An Artist Who Honored—Then Escaped—Tradition

Tucked in his cozy three-room Williamsburg apartment, where he’s lived for the last ten years, Pema Rinzin raises his eyebrows as he wonders who is ringing his doorbell at a quarter to six on a cold January night. It turns out to be one of his students at the New York Tibetan Art Studio, which takes up most of the place. Pema asks what day it is and expresses surprise that it is Monday night already! Soon more students walk in for their Monday class.

Rinzin is a 51-year-old artist who has completed more than 70 paintings since he left his three-year stint as the Artist-in-Residence at the Rubin Museum in October 2008. He devotes weeks, at least, to each one of his paintings,  and has been doing so for years. So it is easy for him to lose track of time. His art-induced forgetfulness has occasionally put him at odds with civic authorities. He had the water meter taken out by police for nonpayment of the water bill, and a warrant was issued against him. He ended up having to shell out $5,000.


Over the last eight years, he has been introducing Tibetan art and late master Tibetan artists—their style, body of work—and passing the craft to other artists in New York. But for himself, he found a way to honor this tradition but break free of its heavy burden.


Rinzin uses Sumi ink, ground mineral pigments, and gold on canvas. His students—about 40 of them over the years—have been a mix of gender, race, and professions, but all bound by the same desire to learn the art, and by their respect for Rinzin’s work. They spend anywhere from a few years to a decade learning from him. Sometimes they do more than that. It was his students who convinced him to go to a hospital when he fell really sick one time.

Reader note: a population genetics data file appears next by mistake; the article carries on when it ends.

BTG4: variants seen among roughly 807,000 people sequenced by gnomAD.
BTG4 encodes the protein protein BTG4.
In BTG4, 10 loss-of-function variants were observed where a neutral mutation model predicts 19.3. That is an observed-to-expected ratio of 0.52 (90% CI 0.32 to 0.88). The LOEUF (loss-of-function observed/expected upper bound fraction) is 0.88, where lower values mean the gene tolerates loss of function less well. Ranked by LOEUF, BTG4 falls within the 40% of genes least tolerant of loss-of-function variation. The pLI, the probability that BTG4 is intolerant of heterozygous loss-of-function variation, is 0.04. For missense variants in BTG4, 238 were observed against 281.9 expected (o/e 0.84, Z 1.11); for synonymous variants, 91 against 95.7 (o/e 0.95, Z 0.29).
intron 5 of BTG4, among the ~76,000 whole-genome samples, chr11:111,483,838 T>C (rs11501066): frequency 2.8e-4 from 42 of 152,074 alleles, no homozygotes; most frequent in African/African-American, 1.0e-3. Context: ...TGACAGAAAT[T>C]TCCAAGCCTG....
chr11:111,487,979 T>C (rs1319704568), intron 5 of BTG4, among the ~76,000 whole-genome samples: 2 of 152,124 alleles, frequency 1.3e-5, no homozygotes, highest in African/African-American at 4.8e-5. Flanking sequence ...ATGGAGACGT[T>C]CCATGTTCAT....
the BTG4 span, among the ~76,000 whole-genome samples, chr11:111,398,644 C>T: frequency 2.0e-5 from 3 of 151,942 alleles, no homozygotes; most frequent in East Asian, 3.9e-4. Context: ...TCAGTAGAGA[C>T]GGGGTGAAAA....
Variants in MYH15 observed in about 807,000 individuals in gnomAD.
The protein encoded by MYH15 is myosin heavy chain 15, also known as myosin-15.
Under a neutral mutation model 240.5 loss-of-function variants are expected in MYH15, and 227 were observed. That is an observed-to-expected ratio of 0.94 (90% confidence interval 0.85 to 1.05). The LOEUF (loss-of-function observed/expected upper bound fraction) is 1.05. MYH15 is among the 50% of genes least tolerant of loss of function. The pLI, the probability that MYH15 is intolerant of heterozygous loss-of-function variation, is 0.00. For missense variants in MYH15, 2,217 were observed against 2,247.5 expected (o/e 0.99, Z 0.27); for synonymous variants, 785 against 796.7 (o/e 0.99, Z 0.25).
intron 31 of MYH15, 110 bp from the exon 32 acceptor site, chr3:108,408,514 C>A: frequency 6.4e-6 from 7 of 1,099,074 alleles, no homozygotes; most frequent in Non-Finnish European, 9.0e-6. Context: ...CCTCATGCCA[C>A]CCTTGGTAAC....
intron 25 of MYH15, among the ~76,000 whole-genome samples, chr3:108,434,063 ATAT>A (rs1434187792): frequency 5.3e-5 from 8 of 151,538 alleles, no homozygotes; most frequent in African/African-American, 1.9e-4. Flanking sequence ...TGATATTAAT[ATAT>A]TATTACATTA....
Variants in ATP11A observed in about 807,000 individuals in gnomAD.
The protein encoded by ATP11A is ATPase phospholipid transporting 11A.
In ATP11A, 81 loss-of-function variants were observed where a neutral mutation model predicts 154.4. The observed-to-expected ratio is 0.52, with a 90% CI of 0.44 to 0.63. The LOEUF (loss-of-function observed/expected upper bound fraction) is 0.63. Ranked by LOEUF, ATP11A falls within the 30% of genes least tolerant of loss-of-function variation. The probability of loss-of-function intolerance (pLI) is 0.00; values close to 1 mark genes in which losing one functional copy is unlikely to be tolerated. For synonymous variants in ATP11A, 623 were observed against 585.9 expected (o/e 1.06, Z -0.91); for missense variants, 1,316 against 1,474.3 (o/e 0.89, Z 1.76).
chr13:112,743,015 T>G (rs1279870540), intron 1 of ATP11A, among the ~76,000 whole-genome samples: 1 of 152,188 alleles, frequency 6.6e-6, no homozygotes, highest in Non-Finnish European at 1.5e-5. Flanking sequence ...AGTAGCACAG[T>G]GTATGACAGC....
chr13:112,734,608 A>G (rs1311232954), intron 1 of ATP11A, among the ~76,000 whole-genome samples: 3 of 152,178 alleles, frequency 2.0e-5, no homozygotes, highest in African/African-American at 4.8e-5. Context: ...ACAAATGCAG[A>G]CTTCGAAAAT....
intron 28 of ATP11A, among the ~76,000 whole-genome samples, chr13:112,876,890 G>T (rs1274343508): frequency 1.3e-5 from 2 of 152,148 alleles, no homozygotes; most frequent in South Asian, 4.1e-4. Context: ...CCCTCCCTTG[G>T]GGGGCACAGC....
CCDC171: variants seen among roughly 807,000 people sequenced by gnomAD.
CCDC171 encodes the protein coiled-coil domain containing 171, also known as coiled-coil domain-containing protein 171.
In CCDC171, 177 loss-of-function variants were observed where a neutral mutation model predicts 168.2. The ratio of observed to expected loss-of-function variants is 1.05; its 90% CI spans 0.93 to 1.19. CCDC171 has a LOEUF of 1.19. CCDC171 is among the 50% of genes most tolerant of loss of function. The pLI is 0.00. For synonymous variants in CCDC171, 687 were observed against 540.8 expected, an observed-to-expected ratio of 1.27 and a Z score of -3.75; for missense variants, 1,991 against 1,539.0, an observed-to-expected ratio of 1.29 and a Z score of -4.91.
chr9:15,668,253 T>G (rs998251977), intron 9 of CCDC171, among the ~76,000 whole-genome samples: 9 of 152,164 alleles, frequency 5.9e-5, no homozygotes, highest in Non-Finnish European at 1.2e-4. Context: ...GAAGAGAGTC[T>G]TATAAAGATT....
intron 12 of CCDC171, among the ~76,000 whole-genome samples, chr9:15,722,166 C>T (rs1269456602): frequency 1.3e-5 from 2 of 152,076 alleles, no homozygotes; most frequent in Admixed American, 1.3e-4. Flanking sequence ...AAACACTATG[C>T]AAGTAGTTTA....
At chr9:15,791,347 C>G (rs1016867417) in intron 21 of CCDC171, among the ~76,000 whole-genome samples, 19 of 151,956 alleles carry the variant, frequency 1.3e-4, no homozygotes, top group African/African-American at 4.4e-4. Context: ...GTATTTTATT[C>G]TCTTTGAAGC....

The only room in his apartment that is not used as class or studio is the one with all the books he has collected over the years from all over—a dingy bookshop tucked at the back in DaryaGanj in Old Delhi, and other shops in Japan, Germany, and the U.S. It is not uncommon for Rinzin to fly across a border to acquire a rare book or a particular color pigment for an artwork.


His own journey started years ago, during a complex juncture in Tibet’s history. He was born along the border of Tibet and Nepal in 1960 when Tibetans continued to flee the brutal Chinese occupation of Tibet into exile in India. His earliest memories were of the Tibetan Children Village (TCV) School in Dharamsala, India, formed in May 1960 under the guidance of the Dalai Lama and care of his late elder sister, Tsering Dolma.

In early 70’s, under the leadership of the Dalai Lama’s younger sister, Jetsun Pema, it was registered under the Societies Registration Act, India and also became a prime member of SOS Kinderdorf International. It started by catering to the overall growth of children of refugees to becoming an institution that succeeded in providing “modern education with a sound understanding of Tibetan identity and culture” for generations of Tibetans in exile. Rinzin grew up in one of the scores of foster homes, with an average of 40 each, boys and girls in Upper TCV, the main branch of TCV Schools.

Creativity and adaptability came early, as the kids sought ways to stay entertained in the huge school environment, where the resources were always scarce and the days were long. “I remember these books that came from Canada. We would open it and divide the two sides of the page among two friends and then pretend to eat everything on the pages,” He said. “With cars and toys, we see who can count the fastest.” As he got little older, he found his thrill in earning treats from teachers for helping create study material—like the element charts for science class, or alphabet charts accompanied by pictures.

In 1979, when he was in 5th grade, he knew he wanted to pursue painting, and became a full-time art student in the school, which primarily teaches traditional Tibetan art of Thangka painting. Thangka is an age-old tradition of painting intricate Buddhist deities on cloth scrolls, to be hung in monasteries and other places of worship.